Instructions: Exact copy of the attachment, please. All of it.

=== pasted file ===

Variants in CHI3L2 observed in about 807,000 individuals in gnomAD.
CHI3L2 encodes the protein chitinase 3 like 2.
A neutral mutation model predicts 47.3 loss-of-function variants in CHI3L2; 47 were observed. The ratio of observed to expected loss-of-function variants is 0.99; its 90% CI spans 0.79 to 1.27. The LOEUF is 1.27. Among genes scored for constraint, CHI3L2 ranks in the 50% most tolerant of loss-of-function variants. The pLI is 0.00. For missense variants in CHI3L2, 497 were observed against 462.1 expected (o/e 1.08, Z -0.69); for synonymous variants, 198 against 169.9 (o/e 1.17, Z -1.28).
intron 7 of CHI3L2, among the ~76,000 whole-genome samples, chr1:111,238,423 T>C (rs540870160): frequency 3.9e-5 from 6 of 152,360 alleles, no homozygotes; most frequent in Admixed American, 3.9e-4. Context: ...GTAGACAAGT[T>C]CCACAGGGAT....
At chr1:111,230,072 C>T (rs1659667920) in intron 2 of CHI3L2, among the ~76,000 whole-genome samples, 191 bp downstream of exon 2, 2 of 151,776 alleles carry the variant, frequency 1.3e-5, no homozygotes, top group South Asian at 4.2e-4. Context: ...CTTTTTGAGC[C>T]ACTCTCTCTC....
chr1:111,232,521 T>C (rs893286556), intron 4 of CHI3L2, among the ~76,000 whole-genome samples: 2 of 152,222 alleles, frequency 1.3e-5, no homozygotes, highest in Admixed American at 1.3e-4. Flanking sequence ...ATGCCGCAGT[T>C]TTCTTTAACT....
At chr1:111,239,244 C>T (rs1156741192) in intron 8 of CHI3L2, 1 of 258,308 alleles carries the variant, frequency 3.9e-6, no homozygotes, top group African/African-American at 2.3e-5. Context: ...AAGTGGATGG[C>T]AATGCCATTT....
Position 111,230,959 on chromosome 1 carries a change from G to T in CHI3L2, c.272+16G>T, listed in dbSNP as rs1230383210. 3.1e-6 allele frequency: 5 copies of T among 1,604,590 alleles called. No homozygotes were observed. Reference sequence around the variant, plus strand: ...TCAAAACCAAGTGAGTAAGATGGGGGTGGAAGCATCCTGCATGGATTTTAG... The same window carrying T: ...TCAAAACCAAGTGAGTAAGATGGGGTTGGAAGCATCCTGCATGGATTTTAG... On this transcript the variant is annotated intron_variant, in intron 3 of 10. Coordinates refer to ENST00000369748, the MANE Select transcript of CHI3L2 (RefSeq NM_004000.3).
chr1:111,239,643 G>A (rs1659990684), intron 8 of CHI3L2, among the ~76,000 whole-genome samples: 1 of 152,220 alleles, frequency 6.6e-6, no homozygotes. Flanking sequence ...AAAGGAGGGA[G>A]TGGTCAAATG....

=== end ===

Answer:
Variants in CHI3L2 observed in about 807,000 individuals in gnomAD.
CHI3L2 encodes the protein chitinase 3 like 2.
A neutral mutation model predicts 47.3 loss-of-function variants in CHI3L2; 47 were observed. The ratio of observed to expected loss-of-function variants is 0.99; its 90% CI spans 0.79 to 1.27. The LOEUF is 1.27. Among genes scored for constraint, CHI3L2 ranks in the 50% most tolerant of loss-of-function variants. The pLI is 0.00. For missense variants in CHI3L2, 497 were observed against 462.1 expected (o/e 1.08, Z -0.69); for synonymous variants, 198 against 169.9 (o/e 1.17, Z -1.28).
intron 7 of CHI3L2, among the ~76,000 whole-genome samples, chr1:111,238,423 T>C (rs540870160): frequency 3.9e-5 from 6 of 152,360 alleles, no homozygotes; most frequent in Admixed American, 3.9e-4. Context: ...GTAGACAAGT[T>C]CCACAGGGAT....
At chr1:111,230,072 C>T (rs1659667920) in intron 2 of CHI3L2, among the ~76,000 whole-genome samples, 191 bp downstream of exon 2, 2 of 151,776 alleles carry the variant, frequency 1.3e-5, no homozygotes, top group South Asian at 4.2e-4. Context: ...CTTTTTGAGC[C>T]ACTCTCTCTC....
chr1:111,232,521 T>C (rs893286556), intron 4 of CHI3L2, among the ~76,000 whole-genome samples: 2 of 152,222 alleles, frequency 1.3e-5, no homozygotes, highest in Admixed American at 1.3e-4. Flanking sequence ...ATGCCGCAGT[T>C]TTCTTTAACT....
At chr1:111,239,244 C>T (rs1156741192) in intron 8 of CHI3L2, 1 of 258,308 alleles carries the variant, frequency 3.9e-6, no homozygotes, top group African/African-American at 2.3e-5. Context: ...AAGTGGATGG[C>T]AATGCCATTT....
Position 111,230,959 on chromosome 1 carries a change from G to T in CHI3L2, c.272+16G>T, listed in dbSNP as rs1230383210. 3.1e-6 allele frequency: 5 copies of T among 1,604,590 alleles called. No homozygotes were observed. Reference sequence around the variant, plus strand: ...TCAAAACCAAGTGAGTAAGATGGGGGTGGAAGCATCCTGCATGGATTTTAG... The same window carrying T: ...TCAAAACCAAGTGAGTAAGATGGGGTTGGAAGCATCCTGCATGGATTTTAG... On this transcript the variant is annotated intron_variant, in intron 3 of 10. Coordinates refer to ENST00000369748, the MANE Select transcript of CHI3L2 (RefSeq NM_004000.3).
chr1:111,239,643 G>A (rs1659990684), intron 8 of CHI3L2, among the ~76,000 whole-genome samples: 1 of 152,220 alleles, frequency 6.6e-6, no homozygotes. Flanking sequence ...AAAGGAGGGA[G>A]TGGTCAAATG....